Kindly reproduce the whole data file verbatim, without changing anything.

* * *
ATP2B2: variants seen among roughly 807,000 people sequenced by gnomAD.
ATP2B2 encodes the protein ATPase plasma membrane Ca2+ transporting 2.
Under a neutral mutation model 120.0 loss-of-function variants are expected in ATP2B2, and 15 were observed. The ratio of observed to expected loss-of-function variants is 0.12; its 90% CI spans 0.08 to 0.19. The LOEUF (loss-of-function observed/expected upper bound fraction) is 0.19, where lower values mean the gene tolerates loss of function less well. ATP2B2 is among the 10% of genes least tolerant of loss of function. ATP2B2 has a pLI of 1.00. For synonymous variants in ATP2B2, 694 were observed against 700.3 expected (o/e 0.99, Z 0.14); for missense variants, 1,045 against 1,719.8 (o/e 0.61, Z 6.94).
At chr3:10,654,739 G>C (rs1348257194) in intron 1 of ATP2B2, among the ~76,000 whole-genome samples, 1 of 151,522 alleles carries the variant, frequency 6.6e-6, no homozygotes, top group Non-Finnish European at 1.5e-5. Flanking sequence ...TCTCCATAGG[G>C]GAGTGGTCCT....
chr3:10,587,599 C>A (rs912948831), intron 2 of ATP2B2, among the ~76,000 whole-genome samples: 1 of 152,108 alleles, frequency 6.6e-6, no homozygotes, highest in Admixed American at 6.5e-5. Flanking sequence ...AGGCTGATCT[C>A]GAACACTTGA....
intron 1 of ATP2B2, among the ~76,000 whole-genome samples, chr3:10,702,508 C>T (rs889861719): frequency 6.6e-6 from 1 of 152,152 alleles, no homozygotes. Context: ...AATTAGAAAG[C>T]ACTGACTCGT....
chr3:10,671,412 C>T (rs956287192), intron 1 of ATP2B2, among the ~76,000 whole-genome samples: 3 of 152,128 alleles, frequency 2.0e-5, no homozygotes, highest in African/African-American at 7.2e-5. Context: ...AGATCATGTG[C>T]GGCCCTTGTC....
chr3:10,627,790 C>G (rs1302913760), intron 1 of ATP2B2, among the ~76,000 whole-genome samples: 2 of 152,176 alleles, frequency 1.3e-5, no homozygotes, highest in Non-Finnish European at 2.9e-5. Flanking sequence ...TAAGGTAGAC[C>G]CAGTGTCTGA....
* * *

ATP2B2: variants seen among roughly 807,000 people sequenced by gnomAD.
ATP2B2 encodes the protein ATPase plasma membrane Ca2+ transporting 2.
Under a neutral mutation model 120.0 loss-of-function variants are expected in ATP2B2, and 15 were observed. The ratio of observed to expected loss-of-function variants is 0.12; its 90% CI spans 0.08 to 0.19. The LOEUF (loss-of-function observed/expected upper bound fraction) is 0.19, where lower values mean the gene tolerates loss of function less well. ATP2B2 is among the 10% of genes least tolerant of loss of function. ATP2B2 has a pLI of 1.00. For synonymous variants in ATP2B2, 694 were observed against 700.3 expected (o/e 0.99, Z 0.14); for missense variants, 1,045 against 1,719.8 (o/e 0.61, Z 6.94).
At chr3:10,654,739 G>C (rs1348257194) in intron 1 of ATP2B2, among the ~76,000 whole-genome samples, 1 of 151,522 alleles carries the variant, frequency 6.6e-6, no homozygotes, top group Non-Finnish European at 1.5e-5. Flanking sequence ...TCTCCATAGG[G>C]GAGTGGTCCT....
chr3:10,587,599 C>A (rs912948831), intron 2 of ATP2B2, among the ~76,000 whole-genome samples: 1 of 152,108 alleles, frequency 6.6e-6, no homozygotes, highest in Admixed American at 6.5e-5. Flanking sequence ...AGGCTGATCT[C>A]GAACACTTGA....
intron 1 of ATP2B2, among the ~76,000 whole-genome samples, chr3:10,702,508 C>T (rs889861719): frequency 6.6e-6 from 1 of 152,152 alleles, no homozygotes. Context: ...AATTAGAAAG[C>T]ACTGACTCGT....
chr3:10,671,412 C>T (rs956287192), intron 1 of ATP2B2, among the ~76,000 whole-genome samples: 3 of 152,128 alleles, frequency 2.0e-5, no homozygotes, highest in African/African-American at 7.2e-5. Context: ...AGATCATGTG[C>T]GGCCCTTGTC....
chr3:10,627,790 C>G (rs1302913760), intron 1 of ATP2B2, among the ~76,000 whole-genome samples: 2 of 152,176 alleles, frequency 1.3e-5, no homozygotes, highest in Non-Finnish European at 2.9e-5. Flanking sequence ...TAAGGTAGAC[C>G]CAGTGTCTGA....